Make Your Bedroom Sleep-Friendly

Ever considered that part of your sleep problem could be right in your bedroom? Your sleep environment can be a key interruption in your sleep cycle and you may not even realize it. Here is a list of some possible problems and their solutions or improvement.

Changing Your Environment for Better Sleep

Your sleep environment could be an impediment to good sleep habits for various reasons. First, do you like where you sleep? If you go to bed in a bedroom do you find it restful, peaceful and a place where you feel quiet and relaxed? If not, then why not?

1. Remover clutter and give stuff a proper place. Too many people’s bedrooms look like an out of control closet.

  • Spend a bit of time picking up dirty clothes, putting away clean piles of laundry.
  • Also if you work at home don’t work out of your bedroom; a general rule is to separate bedroom or sleep area from work space.
  • If you have a television and computer in your room try and keep them in a cabinet that can be closed so you can effectively turn them off and store them out of sight.

2. Assess your mattress. Mattresses are pretty important to good sleep, but they can also be expensive and may not be in your budget. However, if you are still sleeping on an old or hand-me-down mattress and having pain, or suffering insomnia, make this a priority spend. Shop carefully; you don’t have to put out major dime for a good quality mattress.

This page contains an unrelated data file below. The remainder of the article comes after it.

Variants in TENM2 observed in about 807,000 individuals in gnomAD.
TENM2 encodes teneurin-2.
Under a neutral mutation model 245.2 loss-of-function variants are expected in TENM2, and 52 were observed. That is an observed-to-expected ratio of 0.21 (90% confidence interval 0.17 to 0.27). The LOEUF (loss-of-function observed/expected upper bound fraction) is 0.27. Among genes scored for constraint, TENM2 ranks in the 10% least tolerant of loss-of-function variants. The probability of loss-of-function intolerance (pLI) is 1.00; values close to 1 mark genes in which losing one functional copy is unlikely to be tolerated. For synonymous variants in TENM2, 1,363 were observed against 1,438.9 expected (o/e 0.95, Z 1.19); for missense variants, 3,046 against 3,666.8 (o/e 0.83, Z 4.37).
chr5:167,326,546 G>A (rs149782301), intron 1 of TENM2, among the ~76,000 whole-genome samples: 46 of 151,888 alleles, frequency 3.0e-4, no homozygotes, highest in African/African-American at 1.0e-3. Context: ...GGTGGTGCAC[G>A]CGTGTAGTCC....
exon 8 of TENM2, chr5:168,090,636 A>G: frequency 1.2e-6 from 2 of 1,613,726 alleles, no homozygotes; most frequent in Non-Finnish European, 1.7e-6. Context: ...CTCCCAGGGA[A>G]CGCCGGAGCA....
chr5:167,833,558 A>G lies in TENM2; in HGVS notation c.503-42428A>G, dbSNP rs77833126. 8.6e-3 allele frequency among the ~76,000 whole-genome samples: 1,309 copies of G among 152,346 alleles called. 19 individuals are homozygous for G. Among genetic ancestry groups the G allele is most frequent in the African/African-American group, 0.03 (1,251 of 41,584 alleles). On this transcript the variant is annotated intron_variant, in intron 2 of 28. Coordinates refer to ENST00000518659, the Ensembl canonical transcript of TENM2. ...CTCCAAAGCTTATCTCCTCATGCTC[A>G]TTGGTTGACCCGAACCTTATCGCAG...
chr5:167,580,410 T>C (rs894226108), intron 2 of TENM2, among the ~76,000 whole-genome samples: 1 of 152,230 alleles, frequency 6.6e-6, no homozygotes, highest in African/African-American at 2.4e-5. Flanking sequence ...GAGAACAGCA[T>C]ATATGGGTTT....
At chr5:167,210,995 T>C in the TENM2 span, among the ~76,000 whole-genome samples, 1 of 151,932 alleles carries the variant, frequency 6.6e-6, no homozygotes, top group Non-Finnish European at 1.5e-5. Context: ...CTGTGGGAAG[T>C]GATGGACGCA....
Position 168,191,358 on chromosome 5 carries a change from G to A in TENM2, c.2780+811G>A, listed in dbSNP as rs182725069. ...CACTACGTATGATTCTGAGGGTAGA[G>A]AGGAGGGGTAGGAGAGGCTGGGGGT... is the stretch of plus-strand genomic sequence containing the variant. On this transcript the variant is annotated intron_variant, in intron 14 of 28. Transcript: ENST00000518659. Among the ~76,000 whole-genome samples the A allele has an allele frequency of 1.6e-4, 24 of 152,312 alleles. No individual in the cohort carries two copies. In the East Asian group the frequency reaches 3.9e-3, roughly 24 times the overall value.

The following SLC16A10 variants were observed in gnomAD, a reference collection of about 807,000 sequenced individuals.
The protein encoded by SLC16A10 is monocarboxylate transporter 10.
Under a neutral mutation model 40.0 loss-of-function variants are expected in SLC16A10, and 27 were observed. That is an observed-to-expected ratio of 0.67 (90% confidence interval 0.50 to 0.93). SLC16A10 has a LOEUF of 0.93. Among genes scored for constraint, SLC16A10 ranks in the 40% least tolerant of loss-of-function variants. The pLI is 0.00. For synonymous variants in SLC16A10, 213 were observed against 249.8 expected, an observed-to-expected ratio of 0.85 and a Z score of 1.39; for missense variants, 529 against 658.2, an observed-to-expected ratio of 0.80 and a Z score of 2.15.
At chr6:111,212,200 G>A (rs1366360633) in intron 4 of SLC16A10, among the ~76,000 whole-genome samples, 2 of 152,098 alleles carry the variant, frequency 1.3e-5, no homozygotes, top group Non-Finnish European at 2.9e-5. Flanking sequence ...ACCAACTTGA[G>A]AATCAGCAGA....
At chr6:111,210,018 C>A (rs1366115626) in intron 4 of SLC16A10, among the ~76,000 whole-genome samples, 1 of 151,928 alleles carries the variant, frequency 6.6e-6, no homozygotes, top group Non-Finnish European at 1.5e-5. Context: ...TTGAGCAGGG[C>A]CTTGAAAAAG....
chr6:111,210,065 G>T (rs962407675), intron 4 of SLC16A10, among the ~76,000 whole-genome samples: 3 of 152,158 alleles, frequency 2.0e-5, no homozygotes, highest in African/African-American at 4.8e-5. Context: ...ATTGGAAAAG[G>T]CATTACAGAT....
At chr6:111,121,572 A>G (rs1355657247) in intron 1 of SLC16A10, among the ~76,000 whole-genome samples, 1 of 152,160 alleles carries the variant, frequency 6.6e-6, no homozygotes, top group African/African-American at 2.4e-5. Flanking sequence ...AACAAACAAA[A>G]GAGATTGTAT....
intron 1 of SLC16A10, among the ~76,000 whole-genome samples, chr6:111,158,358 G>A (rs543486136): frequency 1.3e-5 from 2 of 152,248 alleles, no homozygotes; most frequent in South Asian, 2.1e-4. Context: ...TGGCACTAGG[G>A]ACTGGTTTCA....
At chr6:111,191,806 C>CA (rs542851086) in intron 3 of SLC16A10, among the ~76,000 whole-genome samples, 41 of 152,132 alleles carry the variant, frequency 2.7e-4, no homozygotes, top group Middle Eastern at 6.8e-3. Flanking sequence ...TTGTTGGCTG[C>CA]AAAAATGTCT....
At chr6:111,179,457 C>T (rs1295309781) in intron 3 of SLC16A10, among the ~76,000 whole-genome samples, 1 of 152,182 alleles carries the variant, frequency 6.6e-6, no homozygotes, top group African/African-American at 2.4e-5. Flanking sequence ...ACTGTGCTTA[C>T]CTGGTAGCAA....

• Invest in a nice set of bed linens. Nice linens, 100% cotton and high thread count are a luxury, but you can find excellent sales. These provide some sensory appeal when you want to create a sanctuary or retreat.

3. Set appropriate room sleep temperature. Make sure you are sleeping in a room in which the air temperature is, as Goldilocks would say, “Just right.” This takes some trial and error, but most folks prefer a cooler room. If you share a bed with someone getting the room temperature right may be a compromise. You can try moving your bed around to avoid heat vents or open windows.

Loud Elephant Upstairs.

4. Sounds are important to most people when sleeping and unusual noises can easily wake you. Do you seek a silent room? Do you need to hear some noise? Do you sleep near a busy highway or airport? These types of things can make a bigger difference than you think.

  • Need some noise? Invest in a sound machine, white noise machine. Many models offer an assortment of background noise from ocean to train and more. Or you could invest in a small fan for some affordable white noise.
  • Need silence? Make sure televisions are turned off, close your door and windows, try earplugs or if you’re near a busy street try moving your bedroom to the room furthest from the street.

5. Pay attention to lighting. How dark is your room when you sleep? Do streetlights or even LED lights from a bedside alarm clock disrupt your sleep? If outside light is a problem invest in heavyweight window shades or heavy curtains with light-canceling backing. Remove LED alarm clocks and replace with something that does not emit light during the night.

6. Think back to the nicest bedroom you ever slept in…what did it have in it that soothed you, made you happy, gave you joy, allowed you to relax? Apply those same strategies to your own sleep space. If it was plush bathrobe, then why not invest in one and use it every night to treat yourself at bedtime?

Alternative Sleep Environments

What if you don’t sleep in a bedroom? What if you sleep on a fold out sofa bed, or an air mattress in a friend’s spare room? Do what you can to make whatever space it is in which you regularly sleep a more appealing spot, a little bit yours.

Part of the insomnia solution includes a battery of sleep hygiene behaviors and ensuring your sleep environment is pleasing and relaxing is just one, but it’s a big one. You can spend a little or spend a lot to make simple to extravagant changes.

These Things Helped Me Sleep Well